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Images in Neurology
June 2002

Spontaneous Intracranial Hypotension

Arch Neurol. 2002;59(6):1027. doi:10.1001/archneur.59.6.1027

A 50-YEAR-OLD woman, previously in good health, had a 6-week history of progressively worsening headache. Her symptoms markedly worsened on sitting or standing and were somewhat alleviated when she lay down. Neurologic examination results were normal apart from some neck stiffness.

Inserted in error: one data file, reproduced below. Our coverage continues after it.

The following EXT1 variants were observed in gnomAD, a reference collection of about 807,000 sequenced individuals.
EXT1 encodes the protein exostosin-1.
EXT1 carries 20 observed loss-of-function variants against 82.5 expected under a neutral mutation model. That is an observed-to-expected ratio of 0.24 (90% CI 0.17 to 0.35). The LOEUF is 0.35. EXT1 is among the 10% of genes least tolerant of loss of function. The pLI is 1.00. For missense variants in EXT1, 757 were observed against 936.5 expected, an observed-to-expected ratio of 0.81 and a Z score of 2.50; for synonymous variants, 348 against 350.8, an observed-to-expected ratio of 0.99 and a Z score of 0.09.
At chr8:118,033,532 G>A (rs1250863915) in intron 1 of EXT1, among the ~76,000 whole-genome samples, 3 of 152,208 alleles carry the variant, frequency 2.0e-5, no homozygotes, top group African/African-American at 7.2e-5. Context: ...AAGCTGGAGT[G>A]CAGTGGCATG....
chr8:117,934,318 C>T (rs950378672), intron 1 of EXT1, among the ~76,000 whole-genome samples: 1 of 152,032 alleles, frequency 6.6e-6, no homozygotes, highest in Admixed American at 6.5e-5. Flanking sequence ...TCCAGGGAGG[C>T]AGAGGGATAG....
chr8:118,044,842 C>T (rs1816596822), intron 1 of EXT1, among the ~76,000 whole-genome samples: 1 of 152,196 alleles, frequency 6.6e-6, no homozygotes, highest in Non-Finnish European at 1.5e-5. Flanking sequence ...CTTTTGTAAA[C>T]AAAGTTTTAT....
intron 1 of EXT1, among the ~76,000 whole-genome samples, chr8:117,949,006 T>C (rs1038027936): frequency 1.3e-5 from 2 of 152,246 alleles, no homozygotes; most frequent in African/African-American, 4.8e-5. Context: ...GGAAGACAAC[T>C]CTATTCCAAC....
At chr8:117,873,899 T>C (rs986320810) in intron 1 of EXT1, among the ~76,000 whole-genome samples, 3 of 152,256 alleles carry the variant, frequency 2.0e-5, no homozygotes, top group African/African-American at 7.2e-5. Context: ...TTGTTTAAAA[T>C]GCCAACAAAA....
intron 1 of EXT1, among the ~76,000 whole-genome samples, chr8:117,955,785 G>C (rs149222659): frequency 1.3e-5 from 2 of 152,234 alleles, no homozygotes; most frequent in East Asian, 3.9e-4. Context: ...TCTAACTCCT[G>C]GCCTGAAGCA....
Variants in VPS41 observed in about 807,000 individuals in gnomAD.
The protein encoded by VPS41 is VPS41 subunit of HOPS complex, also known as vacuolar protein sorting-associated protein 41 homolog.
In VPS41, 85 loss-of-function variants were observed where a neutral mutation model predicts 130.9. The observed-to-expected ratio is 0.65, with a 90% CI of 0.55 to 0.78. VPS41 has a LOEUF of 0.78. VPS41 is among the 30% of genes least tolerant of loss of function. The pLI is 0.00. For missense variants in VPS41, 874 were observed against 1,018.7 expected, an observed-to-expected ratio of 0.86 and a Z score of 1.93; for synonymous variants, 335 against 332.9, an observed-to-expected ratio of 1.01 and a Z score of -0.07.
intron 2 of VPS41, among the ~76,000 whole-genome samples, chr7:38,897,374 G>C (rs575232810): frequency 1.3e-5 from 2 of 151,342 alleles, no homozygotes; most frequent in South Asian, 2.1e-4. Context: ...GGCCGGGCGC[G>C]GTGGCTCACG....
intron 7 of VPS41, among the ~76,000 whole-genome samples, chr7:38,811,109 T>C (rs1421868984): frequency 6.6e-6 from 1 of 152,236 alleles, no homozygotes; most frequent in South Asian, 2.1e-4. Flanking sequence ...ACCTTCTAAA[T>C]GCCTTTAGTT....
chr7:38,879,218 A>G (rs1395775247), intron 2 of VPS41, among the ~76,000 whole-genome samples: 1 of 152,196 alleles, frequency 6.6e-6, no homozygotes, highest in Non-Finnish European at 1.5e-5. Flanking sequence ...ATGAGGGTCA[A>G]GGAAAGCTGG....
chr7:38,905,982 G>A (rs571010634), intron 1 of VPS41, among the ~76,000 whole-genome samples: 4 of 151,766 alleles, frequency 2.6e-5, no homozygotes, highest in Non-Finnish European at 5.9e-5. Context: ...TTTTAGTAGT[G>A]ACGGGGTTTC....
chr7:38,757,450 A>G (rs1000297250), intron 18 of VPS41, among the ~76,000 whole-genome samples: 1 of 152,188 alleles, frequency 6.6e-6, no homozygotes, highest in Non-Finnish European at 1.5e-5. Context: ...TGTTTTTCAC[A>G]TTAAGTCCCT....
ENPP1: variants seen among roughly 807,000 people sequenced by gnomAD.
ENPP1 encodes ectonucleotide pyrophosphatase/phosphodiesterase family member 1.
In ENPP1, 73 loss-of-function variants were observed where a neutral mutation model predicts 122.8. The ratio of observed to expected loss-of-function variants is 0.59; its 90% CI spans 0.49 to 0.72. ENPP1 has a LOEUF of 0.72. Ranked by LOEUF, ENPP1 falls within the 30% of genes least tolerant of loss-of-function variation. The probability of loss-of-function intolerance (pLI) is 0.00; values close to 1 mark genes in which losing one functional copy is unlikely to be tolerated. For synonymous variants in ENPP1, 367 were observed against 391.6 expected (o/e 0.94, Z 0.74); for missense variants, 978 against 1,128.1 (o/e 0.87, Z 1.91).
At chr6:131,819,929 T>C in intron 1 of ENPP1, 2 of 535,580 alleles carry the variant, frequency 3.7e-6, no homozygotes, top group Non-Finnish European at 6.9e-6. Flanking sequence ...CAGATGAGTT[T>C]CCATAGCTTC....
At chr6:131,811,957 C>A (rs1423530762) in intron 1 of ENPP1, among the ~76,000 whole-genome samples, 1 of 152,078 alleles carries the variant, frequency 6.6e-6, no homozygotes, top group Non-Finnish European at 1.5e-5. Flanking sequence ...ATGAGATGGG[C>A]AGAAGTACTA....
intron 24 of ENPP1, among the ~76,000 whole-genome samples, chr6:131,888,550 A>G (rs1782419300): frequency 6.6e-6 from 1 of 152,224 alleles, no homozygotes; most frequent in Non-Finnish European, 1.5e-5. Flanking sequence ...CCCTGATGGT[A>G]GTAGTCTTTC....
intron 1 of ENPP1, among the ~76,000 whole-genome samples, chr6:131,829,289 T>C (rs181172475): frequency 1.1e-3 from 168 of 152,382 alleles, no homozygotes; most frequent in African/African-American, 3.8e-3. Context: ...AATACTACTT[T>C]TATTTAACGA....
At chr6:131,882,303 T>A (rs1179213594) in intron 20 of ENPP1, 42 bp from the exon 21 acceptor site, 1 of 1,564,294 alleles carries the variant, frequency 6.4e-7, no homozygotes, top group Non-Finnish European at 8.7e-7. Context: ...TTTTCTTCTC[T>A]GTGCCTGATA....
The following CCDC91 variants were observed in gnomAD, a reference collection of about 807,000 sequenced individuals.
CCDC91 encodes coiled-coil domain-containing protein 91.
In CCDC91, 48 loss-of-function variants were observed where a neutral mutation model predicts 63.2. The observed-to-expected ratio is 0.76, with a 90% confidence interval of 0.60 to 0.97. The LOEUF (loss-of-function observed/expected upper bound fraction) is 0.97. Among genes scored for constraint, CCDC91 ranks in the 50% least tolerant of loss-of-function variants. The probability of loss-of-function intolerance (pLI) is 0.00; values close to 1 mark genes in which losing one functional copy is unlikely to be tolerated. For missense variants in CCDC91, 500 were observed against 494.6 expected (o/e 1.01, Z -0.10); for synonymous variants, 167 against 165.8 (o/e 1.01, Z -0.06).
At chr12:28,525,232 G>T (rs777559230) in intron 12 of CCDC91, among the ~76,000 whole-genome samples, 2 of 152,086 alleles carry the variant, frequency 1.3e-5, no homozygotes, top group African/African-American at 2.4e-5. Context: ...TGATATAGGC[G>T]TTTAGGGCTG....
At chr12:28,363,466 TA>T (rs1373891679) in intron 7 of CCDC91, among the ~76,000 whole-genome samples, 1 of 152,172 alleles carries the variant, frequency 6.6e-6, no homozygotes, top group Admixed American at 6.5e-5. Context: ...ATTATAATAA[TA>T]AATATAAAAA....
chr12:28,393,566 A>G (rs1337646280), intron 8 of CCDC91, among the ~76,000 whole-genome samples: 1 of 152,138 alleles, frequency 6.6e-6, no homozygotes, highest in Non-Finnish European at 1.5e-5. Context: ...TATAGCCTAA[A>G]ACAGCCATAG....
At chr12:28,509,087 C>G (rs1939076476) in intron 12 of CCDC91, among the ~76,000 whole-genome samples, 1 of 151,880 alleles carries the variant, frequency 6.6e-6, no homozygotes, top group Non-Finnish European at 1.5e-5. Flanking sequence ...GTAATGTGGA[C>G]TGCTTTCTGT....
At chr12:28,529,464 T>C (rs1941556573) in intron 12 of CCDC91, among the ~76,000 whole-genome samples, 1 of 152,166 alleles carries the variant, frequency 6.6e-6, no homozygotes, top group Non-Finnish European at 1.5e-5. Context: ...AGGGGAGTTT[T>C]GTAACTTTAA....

Initial cranial computed tomographic (CT) scan results (not shown) were normal. Cerebrospinal fluid (CSF) opening pressure measured by lumbar puncture in the recumbent position was 3 cm of water. Magnetic resonance imaging (MRI) (Figure 1) revealed a general descent of the brain accompanying a Chiari type I malformation, expansion of the sellar contents, and bilateral subdural hygromas. Gadolinium contrasted views demonstrated striking, diffuse, pachymeningeal, and dural venous sinus enhancement.

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